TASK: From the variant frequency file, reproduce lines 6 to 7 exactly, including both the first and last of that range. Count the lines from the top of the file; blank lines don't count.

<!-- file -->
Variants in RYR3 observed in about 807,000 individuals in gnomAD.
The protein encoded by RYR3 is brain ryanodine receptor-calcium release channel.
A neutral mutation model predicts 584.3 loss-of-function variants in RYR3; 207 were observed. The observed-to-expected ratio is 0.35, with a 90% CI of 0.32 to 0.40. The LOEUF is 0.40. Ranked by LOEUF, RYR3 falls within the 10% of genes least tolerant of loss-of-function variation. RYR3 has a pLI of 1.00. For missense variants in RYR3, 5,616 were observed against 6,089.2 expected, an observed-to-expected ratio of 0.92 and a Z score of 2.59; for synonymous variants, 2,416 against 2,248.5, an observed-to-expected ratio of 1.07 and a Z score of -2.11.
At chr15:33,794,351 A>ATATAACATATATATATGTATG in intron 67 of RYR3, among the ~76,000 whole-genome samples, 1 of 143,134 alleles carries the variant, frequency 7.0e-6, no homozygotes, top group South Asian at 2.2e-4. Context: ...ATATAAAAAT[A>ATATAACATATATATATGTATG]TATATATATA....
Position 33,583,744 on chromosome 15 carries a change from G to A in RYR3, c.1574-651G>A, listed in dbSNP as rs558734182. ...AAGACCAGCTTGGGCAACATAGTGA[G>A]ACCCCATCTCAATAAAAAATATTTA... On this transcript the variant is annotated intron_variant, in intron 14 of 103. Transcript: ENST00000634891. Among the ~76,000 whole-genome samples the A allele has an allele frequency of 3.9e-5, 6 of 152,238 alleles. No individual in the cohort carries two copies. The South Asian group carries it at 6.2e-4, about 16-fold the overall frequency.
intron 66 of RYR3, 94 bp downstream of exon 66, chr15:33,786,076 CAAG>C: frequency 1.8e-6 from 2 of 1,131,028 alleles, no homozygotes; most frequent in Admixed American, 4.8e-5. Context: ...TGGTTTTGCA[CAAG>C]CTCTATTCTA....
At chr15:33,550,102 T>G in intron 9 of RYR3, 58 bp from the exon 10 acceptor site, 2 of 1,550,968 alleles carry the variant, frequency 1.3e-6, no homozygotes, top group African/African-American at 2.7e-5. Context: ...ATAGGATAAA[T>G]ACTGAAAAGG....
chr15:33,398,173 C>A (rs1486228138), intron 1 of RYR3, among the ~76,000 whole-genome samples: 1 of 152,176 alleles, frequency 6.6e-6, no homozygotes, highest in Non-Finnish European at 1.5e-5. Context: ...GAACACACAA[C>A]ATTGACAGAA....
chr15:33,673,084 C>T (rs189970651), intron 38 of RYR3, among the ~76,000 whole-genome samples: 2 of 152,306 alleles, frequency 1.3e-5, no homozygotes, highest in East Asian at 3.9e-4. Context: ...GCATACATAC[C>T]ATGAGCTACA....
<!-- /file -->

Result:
intron 66 of RYR3, 94 bp downstream of exon 66, chr15:33,786,076 CAAG>C: frequency 1.8e-6 from 2 of 1,131,028 alleles, no homozygotes; most frequent in Admixed American, 4.8e-5. Context: ...TGGTTTTGCA[CAAG>C]CTCTATTCTA....
At chr15:33,550,102 T>G in intron 9 of RYR3, 58 bp from the exon 10 acceptor site, 2 of 1,550,968 alleles carry the variant, frequency 1.3e-6, no homozygotes, top group African/African-American at 2.7e-5. Context: ...ATAGGATAAA[T>G]ACTGAAAAGG....